BAGHDAD: Iraqi forces made major gains in the six months since launching the operation to retake Mosul, but the battle for Iraq’s second city and the war against the Islamic State group are far from over.
Tough close-quarters fighting in heavily populated areas of Mosul is still ahead, and IS also holds territory in other parts of Iraq, as well as in neighboring Syria.
The jihadists will still be able to carry out attacks in Iraq even if they no longer control significant territory, while the impact of the war—widespread displacement of civilians, cities and towns devastated by the fighting, countless lives disrupted—will last long after the fighting ends.
Iraqi forces and the US-led coalition supporting them “are nearing the end of the operation to recapture Mosul,” said Patrick Martin, Iraq analyst at the Institute for the Study of War.
But “the final neighborhoods will be the most difficult to recapture, especially the Old City and the remaining neighborhoods in northwestern Mosul,” Martin said.
Progress in the Old City—a warren of closely-spaced buildings and narrow streets where hundreds of thousands of civilians are thought to reside—has been difficult and slow.
“You cannot get vehicles in there, so it’s gotta be a dismounted operation,” Brigadier General Rick Uribe, a senior coalition commander, said of the Old City.
That “makes it very difficult for any offensive maneuver in there, but it makes it very easy to defend,” Uribe said.
“Sometimes, 50 meters is a great day,” he said of the Iraqi advance.
Iraqi forces launched the Mosul operation in October, moving toward the city from the south, west and north before assaulting its eastern side, which was recaptured earlier this year.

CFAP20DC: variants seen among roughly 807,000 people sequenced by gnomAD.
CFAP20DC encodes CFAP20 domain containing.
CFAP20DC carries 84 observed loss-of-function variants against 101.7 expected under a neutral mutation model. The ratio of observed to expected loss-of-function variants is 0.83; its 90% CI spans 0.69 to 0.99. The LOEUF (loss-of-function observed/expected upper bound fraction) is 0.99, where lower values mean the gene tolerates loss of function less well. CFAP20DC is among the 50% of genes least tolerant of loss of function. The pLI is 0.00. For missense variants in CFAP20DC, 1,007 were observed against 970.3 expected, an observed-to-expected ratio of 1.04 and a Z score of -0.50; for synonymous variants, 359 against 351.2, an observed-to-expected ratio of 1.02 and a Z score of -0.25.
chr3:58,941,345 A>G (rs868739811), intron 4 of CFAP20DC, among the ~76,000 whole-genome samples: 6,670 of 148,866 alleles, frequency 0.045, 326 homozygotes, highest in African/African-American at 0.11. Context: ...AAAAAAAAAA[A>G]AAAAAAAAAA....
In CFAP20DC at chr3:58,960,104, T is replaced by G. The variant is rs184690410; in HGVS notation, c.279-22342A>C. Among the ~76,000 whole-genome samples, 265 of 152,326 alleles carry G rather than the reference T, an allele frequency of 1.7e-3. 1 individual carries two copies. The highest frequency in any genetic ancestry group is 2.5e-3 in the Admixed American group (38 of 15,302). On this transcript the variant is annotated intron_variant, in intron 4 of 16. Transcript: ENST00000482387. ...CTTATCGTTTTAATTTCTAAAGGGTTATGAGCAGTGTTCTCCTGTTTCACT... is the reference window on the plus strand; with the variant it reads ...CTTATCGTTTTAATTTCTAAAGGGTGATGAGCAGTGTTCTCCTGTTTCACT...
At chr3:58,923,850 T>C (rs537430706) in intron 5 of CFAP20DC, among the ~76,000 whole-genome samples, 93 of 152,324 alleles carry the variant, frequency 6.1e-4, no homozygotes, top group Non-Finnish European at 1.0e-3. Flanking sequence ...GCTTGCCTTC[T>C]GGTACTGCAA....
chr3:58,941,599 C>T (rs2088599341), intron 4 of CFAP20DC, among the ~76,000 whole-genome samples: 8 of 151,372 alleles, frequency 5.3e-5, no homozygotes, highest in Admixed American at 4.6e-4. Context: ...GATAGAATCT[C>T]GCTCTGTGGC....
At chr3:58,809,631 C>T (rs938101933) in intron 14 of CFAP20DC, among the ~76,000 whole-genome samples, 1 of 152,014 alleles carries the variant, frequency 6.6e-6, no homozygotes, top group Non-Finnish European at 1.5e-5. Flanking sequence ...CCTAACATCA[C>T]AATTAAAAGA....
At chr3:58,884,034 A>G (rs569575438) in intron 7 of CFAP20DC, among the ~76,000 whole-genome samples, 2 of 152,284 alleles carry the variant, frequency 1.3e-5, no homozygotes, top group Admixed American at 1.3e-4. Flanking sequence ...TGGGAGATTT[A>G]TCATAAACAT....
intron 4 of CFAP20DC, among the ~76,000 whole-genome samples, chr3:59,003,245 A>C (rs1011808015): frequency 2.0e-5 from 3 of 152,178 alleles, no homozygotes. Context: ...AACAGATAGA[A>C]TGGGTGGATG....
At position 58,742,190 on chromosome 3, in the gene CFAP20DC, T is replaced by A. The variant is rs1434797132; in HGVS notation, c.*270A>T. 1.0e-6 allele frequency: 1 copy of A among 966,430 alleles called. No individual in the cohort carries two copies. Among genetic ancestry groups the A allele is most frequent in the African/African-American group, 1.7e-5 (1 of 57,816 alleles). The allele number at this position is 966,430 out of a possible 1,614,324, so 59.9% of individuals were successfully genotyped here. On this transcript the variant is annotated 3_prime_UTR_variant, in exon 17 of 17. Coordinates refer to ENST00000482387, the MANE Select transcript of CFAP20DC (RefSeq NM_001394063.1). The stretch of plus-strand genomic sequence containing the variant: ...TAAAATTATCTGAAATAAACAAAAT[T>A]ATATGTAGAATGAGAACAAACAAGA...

Two special forces units – the Counter-Terrorism Service and the Rapid Response Division – have spearheaded the fighting inside Mosul, while soldiers and police have also taken part.
Lasting IS threat
Iraqi Kurdish forces were involved in the initial days of the operation but stopped short of the city, while pro-government paramilitary forces were tasked with moving on the IS-held town of Tal Afar, west of Mosul.
After retaking east Mosul, Iraqi forces set their sights on the far side of the Tigris River, which divides the city.
The battle for west Mosul – which was launched in mid-February – has taken a heavy toll on civilians, with hundreds killed or wounded in the fighting, and more than 200,000 displaced.
The coalition has said it “probably” played a role in civilian casualties in Mosul, while residents have been caught up in fighting between Iraqi forces and IS, and the jihadists are intentionally attacking civilians in the city.
Losing Mosul would be a major blow to IS, but would not mark the end of the war against the jihadists.
“Just because we’re done in Mosul doesn’t mean that Daesh is done in Iraq,” Uribe said, using an Arabic acronym for IS.
“There’s still another significant number of areas within Iraq that will… need to be cleared of Daesh, and… the Iraqi security forces are getting themselves ready for that eventuality – they know that it’s coming,” he said.
“We will not leave any area under the control of the terrorist organization,” Brigadier General Yahya Rasool, the spokesman for Iraq’s Joint Operations Command, said at a recent news conference.
IS holds territory in Iraq’s Kirkuk province, as well as areas west of Mosul, and in western Anbar province, and also controls territory, including the city of Raqa, in Syria.
Losing these areas would still not eliminate the threat of bombings and hit-and-run attacks by the jihadists.
Iraqi “successes in Mosul obscure how (IS) has successfully been resurging in other provinces in Iraq,” Martin said.
The jihadists have “reconstituted attack capabilities in Diyala and central Salaheddin,” he said, referring to provinces where Iraqi forces had largely reasserted control after heavy fighting earlier in the war against IS.
The end of the battle for Mosul will also leave Iraq struggling with thorny political issues, including control of recaptured territory in the north that is claimed by both the country’s autonomous Kurdish region and its federal government.
And Iraq will still be contending with the effects of the war—citizens killed, wounded or missing, hundreds of thousands displaced, houses, shops and infrastructure wrecked, children years behind in school—for years to come.